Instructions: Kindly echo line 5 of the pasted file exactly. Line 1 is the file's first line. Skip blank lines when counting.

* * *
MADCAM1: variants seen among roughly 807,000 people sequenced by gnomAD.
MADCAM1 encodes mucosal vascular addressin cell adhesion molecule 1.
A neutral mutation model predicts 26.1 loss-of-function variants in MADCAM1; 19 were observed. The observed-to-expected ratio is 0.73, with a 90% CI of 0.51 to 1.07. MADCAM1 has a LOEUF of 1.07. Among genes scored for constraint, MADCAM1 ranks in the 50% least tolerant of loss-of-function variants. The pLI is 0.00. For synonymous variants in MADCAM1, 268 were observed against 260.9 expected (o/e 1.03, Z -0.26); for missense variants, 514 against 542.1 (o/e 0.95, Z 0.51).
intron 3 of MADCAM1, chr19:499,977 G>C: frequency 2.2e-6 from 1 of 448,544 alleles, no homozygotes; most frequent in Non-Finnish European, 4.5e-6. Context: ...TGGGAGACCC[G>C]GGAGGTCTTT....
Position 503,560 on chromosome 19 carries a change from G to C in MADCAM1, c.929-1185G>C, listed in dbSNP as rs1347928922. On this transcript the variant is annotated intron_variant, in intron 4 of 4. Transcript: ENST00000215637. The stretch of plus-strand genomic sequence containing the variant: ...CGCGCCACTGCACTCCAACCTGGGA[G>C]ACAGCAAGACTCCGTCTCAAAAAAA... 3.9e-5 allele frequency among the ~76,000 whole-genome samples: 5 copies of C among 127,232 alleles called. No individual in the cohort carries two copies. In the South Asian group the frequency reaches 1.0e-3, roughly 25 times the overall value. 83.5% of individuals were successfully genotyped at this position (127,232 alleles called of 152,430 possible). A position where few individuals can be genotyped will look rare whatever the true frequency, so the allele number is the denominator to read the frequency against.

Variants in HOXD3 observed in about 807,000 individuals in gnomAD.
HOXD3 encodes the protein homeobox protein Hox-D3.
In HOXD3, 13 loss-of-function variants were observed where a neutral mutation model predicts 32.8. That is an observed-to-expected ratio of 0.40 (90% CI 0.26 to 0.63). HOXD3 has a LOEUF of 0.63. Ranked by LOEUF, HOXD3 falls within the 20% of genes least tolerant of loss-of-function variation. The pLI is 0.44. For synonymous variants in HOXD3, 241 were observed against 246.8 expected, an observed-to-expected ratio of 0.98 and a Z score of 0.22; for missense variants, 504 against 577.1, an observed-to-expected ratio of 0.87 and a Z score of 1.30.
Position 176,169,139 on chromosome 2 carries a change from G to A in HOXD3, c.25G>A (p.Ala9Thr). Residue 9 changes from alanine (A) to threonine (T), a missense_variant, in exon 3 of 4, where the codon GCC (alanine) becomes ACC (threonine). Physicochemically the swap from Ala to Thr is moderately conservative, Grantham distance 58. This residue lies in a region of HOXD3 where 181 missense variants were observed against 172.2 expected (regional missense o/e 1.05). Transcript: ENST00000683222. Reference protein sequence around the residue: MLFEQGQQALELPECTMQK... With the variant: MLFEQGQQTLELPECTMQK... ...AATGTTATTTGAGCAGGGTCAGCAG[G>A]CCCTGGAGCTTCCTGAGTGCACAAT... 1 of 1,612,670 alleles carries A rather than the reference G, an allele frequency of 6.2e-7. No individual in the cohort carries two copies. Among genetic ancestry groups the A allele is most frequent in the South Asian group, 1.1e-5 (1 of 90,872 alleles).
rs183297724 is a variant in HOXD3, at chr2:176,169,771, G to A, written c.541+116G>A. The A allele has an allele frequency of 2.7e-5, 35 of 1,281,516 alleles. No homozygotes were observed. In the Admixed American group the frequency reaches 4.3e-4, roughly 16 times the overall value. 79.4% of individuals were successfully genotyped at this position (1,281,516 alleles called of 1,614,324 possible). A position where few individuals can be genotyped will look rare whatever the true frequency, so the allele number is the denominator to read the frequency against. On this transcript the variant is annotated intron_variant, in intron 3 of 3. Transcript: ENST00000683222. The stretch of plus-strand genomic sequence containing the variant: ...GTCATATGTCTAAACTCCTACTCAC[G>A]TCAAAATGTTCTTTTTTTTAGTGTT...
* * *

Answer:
Position 503,560 on chromosome 19 carries a change from G to C in MADCAM1, c.929-1185G>C, listed in dbSNP as rs1347928922. On this transcript the variant is annotated intron_variant, in intron 4 of 4. Transcript: ENST00000215637. The stretch of plus-strand genomic sequence containing the variant: ...CGCGCCACTGCACTCCAACCTGGGA[G>C]ACAGCAAGACTCCGTCTCAAAAAAA... 3.9e-5 allele frequency among the ~76,000 whole-genome samples: 5 copies of C among 127,232 alleles called. No individual in the cohort carries two copies. In the South Asian group the frequency reaches 1.0e-3, roughly 25 times the overall value. 83.5% of individuals were successfully genotyped at this position (127,232 alleles called of 152,430 possible). A position where few individuals can be genotyped will look rare whatever the true frequency, so the allele number is the denominator to read the frequency against.